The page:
The outer pair of rapid transit tracks went into service in 1936 with the opening of the Bridge Line subway connecting Broadway and City Hall in Camden with 8th and Market Streets in Philadelphia; the Bridge Line, extended to 16th and Locust in 1952, began carrying PATCO trains in 1969. Today, it carries the PATCO Speedline, which descends into tunnels on both sides of the bridge. Both, the Eastbound and Westbound railroad tracks and support structure were reconstructed from June 2014 and finished October 2014.

The westbound approach to the bridge shows the zipper barrier and the overhead gantry lights


The bridge currently carries highways I-676 and US 30, however only the New Jersey section of the bridge carries I-676, as the section of the bridge approaches on the Pennsylvania side are not up to interstate highway standards, including at-grade traffic crossings. The Pennsylvania section of I-676 (which runs East/West, and not North/South as New Jersey's I-676 does) ends at the ramps to I-95. I-676 is signed across the bridge from both sides, however, to be less confusing to drivers.[3] Before the 1953 New Jersey State Highway renumbering, Route 25, Route 43 and Route 45 ended in the middle of the bridge.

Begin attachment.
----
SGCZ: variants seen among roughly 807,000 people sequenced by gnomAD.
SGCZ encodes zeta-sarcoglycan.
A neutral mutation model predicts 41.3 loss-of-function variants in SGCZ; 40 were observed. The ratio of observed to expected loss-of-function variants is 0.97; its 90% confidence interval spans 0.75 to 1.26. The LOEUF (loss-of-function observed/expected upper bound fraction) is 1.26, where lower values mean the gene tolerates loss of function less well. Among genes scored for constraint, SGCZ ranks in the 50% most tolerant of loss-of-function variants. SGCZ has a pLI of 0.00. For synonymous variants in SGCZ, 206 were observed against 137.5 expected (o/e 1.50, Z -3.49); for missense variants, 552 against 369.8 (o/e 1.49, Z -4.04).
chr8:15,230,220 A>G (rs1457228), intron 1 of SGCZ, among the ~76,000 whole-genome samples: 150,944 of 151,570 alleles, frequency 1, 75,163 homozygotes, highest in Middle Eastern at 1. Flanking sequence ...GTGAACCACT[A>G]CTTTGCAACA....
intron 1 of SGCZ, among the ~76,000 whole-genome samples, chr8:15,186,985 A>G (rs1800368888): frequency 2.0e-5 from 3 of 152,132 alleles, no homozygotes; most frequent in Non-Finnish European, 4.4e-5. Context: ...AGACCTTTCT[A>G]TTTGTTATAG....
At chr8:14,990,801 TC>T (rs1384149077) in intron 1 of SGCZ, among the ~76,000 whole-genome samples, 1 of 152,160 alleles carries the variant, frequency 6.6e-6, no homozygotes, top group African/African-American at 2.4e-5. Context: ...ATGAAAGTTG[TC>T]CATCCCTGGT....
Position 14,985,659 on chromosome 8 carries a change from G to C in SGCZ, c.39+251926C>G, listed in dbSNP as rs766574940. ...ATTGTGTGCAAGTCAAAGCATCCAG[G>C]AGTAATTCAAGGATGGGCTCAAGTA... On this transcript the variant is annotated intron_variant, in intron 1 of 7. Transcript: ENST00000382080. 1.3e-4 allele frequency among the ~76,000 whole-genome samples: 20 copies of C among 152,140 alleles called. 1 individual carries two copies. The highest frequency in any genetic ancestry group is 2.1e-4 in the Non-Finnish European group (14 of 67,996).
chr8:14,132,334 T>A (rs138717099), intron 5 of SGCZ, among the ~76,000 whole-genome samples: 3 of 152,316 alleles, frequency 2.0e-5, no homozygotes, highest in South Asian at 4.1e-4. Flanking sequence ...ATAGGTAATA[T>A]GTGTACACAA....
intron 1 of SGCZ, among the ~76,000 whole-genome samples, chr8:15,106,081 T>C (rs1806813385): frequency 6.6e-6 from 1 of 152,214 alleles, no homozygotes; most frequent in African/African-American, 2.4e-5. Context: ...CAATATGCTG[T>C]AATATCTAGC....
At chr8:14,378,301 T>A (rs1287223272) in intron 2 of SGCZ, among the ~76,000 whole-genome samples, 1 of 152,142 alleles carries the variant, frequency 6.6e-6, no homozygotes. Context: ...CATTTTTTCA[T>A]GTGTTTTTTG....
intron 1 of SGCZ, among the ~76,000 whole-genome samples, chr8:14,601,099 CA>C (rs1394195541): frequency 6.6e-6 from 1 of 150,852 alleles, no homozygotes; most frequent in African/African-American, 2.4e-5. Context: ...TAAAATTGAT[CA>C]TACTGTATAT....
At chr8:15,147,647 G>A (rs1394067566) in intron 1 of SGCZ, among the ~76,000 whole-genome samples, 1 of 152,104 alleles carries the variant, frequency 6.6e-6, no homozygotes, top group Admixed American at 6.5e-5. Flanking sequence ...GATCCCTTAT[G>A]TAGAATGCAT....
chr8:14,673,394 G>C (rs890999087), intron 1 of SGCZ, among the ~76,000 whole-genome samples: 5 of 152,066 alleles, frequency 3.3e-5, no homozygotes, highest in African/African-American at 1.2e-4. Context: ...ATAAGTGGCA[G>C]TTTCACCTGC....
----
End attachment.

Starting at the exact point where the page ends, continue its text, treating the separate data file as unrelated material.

"Zipper" barrier

The seven vehicular lanes are divided by a concrete "zipper" barrier, which can be mechanically moved to configure the lanes for traffic volume or construction. Red and green signals mounted on overhead gantries indicate which lanes are open or closed to traffic in each direction. The lights indicate closures for construction, accidents or breakdown as well as traffic separation. Generally, during the morning rush hour, there are four lanes open westbound and three eastbound, with the situation reversed during the evening rush hour. Before the zipper barrier was installed in 2000-2001, one lane of the bridge was kept closed at peak times to reduce the risk of head-on collisions as there was no physical barrier separating east and westbound traffic.